10 bigggest stories of 2003

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1 Coke Classic to Anoint Berlin

Coca-Cola and Berlin Cameron & Partners/Red Cell repeatedly denied their dalliance was more than a flirtation. But by February it was the real thing: Interpublic's McCann-Erickson, New York, was cuckolded. While McCann continues to handle creative in 60 countries, the WPP agency is Coke's bridegroom in the U.S. And by year's end, Universal McCann suffered another indignity as Coca-Cola handed its $350 million media account to yet another suitor, Publicis Groupe's Starcom MediaVest.

2 GM blasts Publicis for poaching

Call it "Rittergate." General Motors was so steamed at Publicis Groupe for hiring former truck executive Kurt Ritter to work on rival Toyota that ad chief C.J. Fraleigh lashed out in public, calling the move "unacceptable." He hinted there may be redress on the $350 million account-"We have to do what's best for us." But the episode came to an end when Ritter resigned to start his own marketing consultancy, whose only client was Toyota.

3 Mad dash: Upfront hits $9.3 B

Who would have believed Mel Karmazin was conservative when he predicted upfront prices would climb 12% to 15%? But Viacom's savvy salesman was dead-on as the broadcast upfront reached 15% price hikes. But after paying top dollar, marketers were upset at ratings under-delivery and the networks losing all those young men. And then there was the lackluster fall season: Yes, Mel, everybody still loves Raymond, but where do we go from here?

4 IPG Regroups after Shakeup

The shoe finally dropped at Interpublic when John Dooner was ousted as chairman Feb. 27 following a string of disappointing financial results and a restatement of $181.3 million. He was replaced by Vice Chairman David Bell, who then had to lead Interpublic past accounting improprieties that led to the restatement. Dooner was demoted to chairman-CEO of McCann Erickson WorldGroup. Now it's up to Bell to shore up finances and morale at Interpublic.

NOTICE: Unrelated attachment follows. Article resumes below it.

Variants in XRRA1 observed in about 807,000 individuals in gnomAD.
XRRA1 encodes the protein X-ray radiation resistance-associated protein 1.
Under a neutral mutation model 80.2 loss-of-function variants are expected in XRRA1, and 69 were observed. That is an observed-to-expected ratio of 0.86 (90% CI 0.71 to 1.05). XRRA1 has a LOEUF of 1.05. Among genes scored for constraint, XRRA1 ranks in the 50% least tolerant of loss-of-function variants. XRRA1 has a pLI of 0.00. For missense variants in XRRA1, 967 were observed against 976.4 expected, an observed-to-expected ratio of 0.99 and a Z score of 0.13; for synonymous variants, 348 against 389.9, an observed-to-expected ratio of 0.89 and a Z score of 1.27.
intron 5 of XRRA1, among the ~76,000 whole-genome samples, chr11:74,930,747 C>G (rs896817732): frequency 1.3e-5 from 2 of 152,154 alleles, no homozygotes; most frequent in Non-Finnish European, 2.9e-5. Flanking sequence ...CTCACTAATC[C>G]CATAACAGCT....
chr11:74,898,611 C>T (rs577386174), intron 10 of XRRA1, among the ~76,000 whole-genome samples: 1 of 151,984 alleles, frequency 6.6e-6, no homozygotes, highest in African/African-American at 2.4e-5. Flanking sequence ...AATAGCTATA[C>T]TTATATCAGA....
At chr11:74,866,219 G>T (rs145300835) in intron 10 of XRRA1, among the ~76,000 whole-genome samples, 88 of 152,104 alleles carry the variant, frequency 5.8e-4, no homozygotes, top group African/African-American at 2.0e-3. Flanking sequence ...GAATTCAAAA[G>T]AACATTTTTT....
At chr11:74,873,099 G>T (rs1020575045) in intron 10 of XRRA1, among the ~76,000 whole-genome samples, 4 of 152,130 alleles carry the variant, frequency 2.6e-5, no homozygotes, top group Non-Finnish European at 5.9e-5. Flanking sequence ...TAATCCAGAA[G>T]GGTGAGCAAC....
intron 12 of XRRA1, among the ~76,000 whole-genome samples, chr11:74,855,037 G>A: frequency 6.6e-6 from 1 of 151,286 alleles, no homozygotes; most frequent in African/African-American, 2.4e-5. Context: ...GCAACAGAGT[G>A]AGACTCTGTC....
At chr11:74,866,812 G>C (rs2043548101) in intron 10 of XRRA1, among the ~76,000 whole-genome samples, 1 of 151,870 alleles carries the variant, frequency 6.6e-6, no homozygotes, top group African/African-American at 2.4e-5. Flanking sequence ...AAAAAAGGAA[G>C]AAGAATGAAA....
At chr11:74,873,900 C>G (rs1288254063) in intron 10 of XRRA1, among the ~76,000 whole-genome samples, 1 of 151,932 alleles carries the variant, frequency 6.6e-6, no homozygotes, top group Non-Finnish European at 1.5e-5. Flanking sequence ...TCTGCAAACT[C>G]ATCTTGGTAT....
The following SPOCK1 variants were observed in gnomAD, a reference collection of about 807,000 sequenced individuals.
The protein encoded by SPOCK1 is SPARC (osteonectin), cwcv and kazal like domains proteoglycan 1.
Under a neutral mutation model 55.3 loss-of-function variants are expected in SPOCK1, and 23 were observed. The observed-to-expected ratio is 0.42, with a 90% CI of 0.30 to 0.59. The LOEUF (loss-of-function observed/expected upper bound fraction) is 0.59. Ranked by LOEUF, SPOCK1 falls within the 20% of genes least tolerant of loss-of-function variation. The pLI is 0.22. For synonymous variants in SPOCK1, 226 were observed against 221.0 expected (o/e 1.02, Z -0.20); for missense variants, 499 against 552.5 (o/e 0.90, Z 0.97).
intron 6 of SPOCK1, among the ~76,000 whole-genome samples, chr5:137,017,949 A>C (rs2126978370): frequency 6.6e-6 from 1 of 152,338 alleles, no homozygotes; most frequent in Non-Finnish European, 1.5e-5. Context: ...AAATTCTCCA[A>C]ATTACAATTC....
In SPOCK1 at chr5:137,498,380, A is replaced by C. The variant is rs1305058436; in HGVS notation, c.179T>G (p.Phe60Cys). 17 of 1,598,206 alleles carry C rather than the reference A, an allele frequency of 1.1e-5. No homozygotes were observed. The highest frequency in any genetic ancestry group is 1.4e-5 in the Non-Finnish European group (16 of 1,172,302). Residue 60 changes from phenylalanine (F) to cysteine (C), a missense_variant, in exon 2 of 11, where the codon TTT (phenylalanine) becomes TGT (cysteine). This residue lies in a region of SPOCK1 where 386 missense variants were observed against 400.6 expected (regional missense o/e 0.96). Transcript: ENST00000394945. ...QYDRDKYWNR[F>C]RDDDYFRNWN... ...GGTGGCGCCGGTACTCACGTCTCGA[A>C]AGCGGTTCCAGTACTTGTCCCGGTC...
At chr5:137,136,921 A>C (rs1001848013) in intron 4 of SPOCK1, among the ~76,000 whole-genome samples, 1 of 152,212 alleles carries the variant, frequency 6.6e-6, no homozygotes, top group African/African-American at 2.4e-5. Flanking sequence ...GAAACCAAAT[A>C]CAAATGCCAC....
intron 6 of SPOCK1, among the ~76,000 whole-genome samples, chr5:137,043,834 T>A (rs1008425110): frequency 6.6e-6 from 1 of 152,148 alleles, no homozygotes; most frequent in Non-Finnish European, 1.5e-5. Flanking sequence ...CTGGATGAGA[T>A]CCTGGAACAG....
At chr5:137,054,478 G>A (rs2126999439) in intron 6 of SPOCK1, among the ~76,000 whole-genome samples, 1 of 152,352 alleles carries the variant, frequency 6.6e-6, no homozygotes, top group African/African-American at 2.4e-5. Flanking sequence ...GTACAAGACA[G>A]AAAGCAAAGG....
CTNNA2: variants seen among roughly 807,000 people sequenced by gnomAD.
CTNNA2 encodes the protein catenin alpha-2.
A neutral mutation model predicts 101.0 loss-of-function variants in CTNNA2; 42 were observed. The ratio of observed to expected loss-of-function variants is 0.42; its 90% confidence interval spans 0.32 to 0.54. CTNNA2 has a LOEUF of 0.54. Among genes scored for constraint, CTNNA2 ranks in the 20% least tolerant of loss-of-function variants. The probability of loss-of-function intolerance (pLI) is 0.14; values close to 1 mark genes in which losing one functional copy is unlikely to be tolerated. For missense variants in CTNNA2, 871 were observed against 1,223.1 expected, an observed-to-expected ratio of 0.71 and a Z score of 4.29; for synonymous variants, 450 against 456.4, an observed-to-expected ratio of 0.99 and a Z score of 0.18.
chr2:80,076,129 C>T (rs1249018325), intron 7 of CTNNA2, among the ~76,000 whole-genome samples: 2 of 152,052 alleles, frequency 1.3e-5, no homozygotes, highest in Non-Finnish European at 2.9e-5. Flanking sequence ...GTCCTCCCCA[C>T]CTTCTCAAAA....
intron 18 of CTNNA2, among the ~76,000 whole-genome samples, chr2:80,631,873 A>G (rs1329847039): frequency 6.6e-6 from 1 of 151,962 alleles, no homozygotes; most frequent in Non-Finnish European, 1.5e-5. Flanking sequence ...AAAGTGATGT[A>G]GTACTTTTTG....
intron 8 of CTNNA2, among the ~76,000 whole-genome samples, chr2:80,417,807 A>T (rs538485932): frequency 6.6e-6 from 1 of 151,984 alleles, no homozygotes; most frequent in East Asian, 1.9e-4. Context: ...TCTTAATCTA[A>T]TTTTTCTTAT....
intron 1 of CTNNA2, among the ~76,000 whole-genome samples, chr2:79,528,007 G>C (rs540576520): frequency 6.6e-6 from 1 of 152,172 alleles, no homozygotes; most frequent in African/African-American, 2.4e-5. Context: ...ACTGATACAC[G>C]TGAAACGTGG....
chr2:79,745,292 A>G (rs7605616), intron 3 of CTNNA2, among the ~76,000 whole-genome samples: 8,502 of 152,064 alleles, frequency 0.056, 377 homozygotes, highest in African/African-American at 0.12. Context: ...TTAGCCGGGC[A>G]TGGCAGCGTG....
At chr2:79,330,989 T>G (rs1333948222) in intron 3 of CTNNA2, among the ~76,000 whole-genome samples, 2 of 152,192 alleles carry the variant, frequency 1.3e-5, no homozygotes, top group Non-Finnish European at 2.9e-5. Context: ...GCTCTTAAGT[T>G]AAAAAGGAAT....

5 Pfizer examines shop overhead

Always a potent issue, compensation conflict reared its ugly head when Viagra marketer Pfizer enlisted Beekman Associates to gather information on agencies' overhead. An indignant Deutsch, which lost $120 million in Pfizer accounts, including Zyrtec and Zoloft, complained that Pfizer overstepped its bounds. The ensuing industry debate led to the Four A's taking a rare hard-line stance with chief Burtch Drake denouncing "disreputable" compensation consultants.

6 McD's challenge: Win love back

There was no love lost between Leo Burnett Co. and DDB Needham, as the latter's German affiliate won a bitter contest for McDonald's global tagline. The "I'm Lovin' It" ads, with a hip-hop bent and Justin Timberlake soundtrack, have drawn a mixed franchisee reaction. McDonald's continue to sing the strategy's praises, but menu changes, including salads and McGriddle breakfast sandwiches, have been so far credited with boosting sales.

7 WPP nears final hurdle

Publicis Groupe pulled key client Allied Domecq from Cordiant, forcing the holding company to put itself on the block. On May 1, Cordiant brokered a deal, giving the group untilJuly 15 to sell off assets. WPP bought Cordiant in June for $447 million, and Martin Sorrell had to fight investment firm ActiveValue, which threatened to sink the deal with its 23.9% stake. One casualty: Bates, which became the third legendary ad name to vanish in seven months, following D'Arcy and Bozell.

8 War of 'Rosie' raises questions

"I don't think we have adopted any practices that, frankly, aren't widespread in the industry," Dan Brewster, president of Gruner & Jahr president said, damning the magazine industry for dishonest circulation numbers. The issue exploded in October, during the trial over the failed joint venture between Rosie O'Donnell and G&J, when a top company executive admitted under oath that Rosie had overestimated newsstand count.

9 Miller Loses 'Catfight'

In February, the brewer was so sympatico with its silicone sirens in "Catfight" that it planned another installment with Pamela Anderson. The ads from Ogilvy & Mather, New York, were wildly popular with young men, but sales, er, fell flat. Miller traded the ads in June for a campaign from Young & Rubicam, Chicago, that includes the well-received "Dominos." Lite at year's end was surging well abreast of the Coors Light twins.

10 calif., here we come-again

What are the odds that 11 agencies are still bidding for the California Lottery's $100 million account? Two years ago, a review resulted in victory for DDB. Incumbent Grey protested; a second review was won by FCB. This time DDB protested and McCann-Erickson was chosen. In April, the Lottery issued an RFP with the bizarre clause that the winning agency would be responsible for any lawsuits resulting from the review, a clause that was later dropped. Hey, you gotta be in it to win it.

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